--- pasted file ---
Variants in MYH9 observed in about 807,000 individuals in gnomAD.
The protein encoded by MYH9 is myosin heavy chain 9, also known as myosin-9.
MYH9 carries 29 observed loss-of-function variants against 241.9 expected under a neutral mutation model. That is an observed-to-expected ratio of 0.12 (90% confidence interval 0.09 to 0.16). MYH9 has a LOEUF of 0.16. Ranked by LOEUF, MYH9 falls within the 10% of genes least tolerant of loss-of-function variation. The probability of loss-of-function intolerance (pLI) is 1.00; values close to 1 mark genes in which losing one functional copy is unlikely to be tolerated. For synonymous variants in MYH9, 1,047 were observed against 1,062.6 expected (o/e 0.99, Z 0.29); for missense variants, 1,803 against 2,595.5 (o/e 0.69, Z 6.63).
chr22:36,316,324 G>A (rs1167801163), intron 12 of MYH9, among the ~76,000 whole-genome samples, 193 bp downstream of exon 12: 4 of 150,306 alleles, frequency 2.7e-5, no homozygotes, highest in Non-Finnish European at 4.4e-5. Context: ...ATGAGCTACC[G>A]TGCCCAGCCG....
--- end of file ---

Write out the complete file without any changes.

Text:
Variants in MYH9 observed in about 807,000 individuals in gnomAD.
The protein encoded by MYH9 is myosin heavy chain 9, also known as myosin-9.
MYH9 carries 29 observed loss-of-function variants against 241.9 expected under a neutral mutation model. That is an observed-to-expected ratio of 0.12 (90% confidence interval 0.09 to 0.16). MYH9 has a LOEUF of 0.16. Ranked by LOEUF, MYH9 falls within the 10% of genes least tolerant of loss-of-function variation. The probability of loss-of-function intolerance (pLI) is 1.00; values close to 1 mark genes in which losing one functional copy is unlikely to be tolerated. For synonymous variants in MYH9, 1,047 were observed against 1,062.6 expected (o/e 0.99, Z 0.29); for missense variants, 1,803 against 2,595.5 (o/e 0.69, Z 6.63).
chr22:36,316,324 G>A (rs1167801163), intron 12 of MYH9, among the ~76,000 whole-genome samples, 193 bp downstream of exon 12: 4 of 150,306 alleles, frequency 2.7e-5, no homozygotes, highest in Non-Finnish European at 4.4e-5. Context: ...ATGAGCTACC[G>A]TGCCCAGCCG....